TUSCALOOSA, Ala. -- During the media's viewing period, Alabama running backs Kenyan Drake and Altee Tenpenny weren't spotted at practice on Thursday. Crimson Tide coach Nick Saban said the two received extra time in study hall and weren't able to make it to practice.
"They didn't do what they were supposed to do in school this week so I sent them to the study table for four hours and they didn't come to practice," Saban said during his Thursday news conference. "If they don't stay over there for four hours, they probably won't play in the spring game."
Both Drake and Tenpenny are listed on the White team's roster for A-Day, which features the first team defense and the second team offense. If Drake and Tenpenny aren't able to go, that leaves Tyren Jones as the White team's lone running back. T.J. Yeldon, Derrick Henry and Jalston Fowler are all listed on the Crimson team's roster, which features the first team offense and the second team defense.
As a sophomore, Drake missed Alabama's 2013 season opener for disciplinary reasons. He ran for 694 yards and eight touchdowns last year while averaging 7.5 yards per carry. He had 12 receptions for 135 yards and a touchdown.
This spring, Drake has worked as the third running back during drills behind returning starter Yeldon and Henry.
Tenpenny, a rising sophomore, was arrested in his home town of North Little, Arkansas for marijuana possession last month. He could have the charges dropped if he stays out of trouble for the next year. Until Thursday, Tenpenny had not missed any practices following his arrest. Tenpenny rushed for 89 yards and a touchdown as a true freshman last season.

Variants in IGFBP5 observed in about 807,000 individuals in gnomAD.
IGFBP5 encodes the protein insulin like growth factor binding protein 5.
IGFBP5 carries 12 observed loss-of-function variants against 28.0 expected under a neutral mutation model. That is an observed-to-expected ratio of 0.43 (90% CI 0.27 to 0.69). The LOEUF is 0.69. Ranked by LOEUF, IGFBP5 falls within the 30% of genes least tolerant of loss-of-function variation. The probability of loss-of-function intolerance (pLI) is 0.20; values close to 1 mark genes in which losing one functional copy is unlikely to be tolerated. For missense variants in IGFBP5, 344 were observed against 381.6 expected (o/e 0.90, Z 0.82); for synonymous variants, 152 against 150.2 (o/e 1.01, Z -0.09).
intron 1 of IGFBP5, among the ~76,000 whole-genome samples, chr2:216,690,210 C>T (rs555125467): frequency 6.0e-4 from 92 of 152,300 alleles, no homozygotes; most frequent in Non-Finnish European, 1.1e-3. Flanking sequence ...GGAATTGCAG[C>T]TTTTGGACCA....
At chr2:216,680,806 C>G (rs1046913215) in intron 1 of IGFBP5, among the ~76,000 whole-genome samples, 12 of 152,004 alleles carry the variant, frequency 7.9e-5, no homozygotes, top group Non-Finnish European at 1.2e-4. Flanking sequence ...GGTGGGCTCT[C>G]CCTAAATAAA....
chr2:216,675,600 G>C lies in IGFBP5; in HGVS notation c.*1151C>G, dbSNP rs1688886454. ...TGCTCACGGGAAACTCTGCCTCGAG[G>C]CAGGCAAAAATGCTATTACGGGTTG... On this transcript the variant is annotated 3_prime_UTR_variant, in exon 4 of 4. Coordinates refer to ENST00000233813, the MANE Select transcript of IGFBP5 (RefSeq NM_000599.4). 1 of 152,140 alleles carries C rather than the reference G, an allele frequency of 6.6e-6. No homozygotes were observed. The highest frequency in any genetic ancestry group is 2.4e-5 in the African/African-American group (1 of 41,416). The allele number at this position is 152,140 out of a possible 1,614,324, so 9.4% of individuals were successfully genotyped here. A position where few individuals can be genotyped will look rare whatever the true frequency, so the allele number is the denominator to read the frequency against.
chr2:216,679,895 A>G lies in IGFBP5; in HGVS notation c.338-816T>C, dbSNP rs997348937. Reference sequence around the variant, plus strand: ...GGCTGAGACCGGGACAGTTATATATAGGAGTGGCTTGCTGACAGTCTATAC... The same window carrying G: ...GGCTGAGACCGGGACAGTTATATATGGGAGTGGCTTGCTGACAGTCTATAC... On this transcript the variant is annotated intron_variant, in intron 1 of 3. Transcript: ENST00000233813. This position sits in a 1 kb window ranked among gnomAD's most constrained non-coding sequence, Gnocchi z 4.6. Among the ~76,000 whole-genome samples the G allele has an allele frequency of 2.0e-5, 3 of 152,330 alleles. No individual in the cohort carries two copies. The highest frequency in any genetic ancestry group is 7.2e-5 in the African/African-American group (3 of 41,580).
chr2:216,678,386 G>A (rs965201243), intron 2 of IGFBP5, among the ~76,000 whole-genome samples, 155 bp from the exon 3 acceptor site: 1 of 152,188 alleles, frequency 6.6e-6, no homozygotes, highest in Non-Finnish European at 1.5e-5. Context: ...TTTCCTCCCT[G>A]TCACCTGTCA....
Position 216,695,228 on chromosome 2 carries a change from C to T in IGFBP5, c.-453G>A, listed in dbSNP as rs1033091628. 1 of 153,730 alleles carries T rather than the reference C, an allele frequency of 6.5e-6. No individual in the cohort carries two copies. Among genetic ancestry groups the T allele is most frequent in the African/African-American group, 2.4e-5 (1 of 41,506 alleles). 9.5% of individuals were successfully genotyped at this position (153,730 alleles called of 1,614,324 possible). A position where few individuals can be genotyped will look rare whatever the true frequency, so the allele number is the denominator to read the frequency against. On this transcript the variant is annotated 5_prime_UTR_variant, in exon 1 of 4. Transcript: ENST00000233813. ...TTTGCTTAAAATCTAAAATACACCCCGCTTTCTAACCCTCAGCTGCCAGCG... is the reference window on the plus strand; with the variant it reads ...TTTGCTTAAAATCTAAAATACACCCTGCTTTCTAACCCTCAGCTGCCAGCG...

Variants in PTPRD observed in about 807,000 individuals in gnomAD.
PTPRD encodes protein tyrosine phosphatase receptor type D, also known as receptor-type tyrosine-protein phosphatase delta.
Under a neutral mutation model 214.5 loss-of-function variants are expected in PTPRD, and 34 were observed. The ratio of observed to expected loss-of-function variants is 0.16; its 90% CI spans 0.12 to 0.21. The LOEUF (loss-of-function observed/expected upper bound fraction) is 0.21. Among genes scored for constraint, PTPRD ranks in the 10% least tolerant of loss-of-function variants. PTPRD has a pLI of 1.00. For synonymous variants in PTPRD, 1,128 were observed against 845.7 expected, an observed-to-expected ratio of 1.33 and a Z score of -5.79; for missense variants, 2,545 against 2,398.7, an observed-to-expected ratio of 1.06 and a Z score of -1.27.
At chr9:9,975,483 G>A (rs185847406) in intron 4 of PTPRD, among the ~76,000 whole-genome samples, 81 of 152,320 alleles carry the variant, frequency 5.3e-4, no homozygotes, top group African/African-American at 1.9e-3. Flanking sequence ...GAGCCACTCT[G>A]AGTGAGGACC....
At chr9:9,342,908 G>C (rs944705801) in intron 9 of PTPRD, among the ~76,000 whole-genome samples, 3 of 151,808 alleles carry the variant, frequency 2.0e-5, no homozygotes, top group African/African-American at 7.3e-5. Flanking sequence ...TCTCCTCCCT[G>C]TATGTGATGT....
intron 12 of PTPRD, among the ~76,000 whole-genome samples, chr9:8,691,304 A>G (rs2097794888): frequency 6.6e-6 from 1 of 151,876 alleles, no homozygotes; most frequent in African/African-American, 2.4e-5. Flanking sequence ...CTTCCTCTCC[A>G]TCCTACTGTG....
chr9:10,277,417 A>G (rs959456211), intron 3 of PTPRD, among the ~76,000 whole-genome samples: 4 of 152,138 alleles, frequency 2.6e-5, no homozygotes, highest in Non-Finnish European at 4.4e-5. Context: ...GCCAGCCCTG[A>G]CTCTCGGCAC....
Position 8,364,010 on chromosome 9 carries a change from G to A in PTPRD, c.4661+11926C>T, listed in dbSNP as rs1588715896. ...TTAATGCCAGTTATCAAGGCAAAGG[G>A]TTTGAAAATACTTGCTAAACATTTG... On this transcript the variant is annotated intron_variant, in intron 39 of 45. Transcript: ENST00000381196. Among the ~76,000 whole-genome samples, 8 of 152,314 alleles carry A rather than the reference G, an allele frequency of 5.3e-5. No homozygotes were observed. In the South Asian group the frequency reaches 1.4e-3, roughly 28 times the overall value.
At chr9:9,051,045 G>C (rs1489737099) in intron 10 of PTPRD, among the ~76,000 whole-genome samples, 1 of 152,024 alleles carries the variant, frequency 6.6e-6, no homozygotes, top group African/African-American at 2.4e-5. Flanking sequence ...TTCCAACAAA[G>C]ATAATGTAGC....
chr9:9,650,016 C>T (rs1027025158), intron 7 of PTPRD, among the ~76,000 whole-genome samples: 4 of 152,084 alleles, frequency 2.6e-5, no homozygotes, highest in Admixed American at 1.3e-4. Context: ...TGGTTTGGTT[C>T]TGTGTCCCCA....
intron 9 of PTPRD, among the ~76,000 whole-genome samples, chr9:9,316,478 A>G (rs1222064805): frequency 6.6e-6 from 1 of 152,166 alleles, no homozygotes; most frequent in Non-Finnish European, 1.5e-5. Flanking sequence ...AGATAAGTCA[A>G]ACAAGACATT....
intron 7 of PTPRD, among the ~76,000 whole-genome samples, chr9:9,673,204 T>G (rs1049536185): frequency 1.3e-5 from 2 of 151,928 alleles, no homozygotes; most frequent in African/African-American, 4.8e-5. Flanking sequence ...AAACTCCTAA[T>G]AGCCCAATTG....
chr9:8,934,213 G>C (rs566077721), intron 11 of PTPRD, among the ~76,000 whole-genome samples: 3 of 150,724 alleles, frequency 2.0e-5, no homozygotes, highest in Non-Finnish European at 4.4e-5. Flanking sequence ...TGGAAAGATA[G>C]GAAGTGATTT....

Saban said he'd "rather do it now than during the season."
He also sent a warning to any other players who don't handle their business off the field while stressing the importance of education.
"You know, all these players need to learn that they have a responsibility and an obligation to do the right thing for themselves," Saban said.
"We're not asking one player here to do anything that's not going to benefit him. That's really what we're trying to do. And our guys getting an education and doing what they're supposed to do in school is a top priority."
And we have a systematic approach to how they need to do it. They understand it, and when they don't do those things, then ultimately I don't think we should let them participate."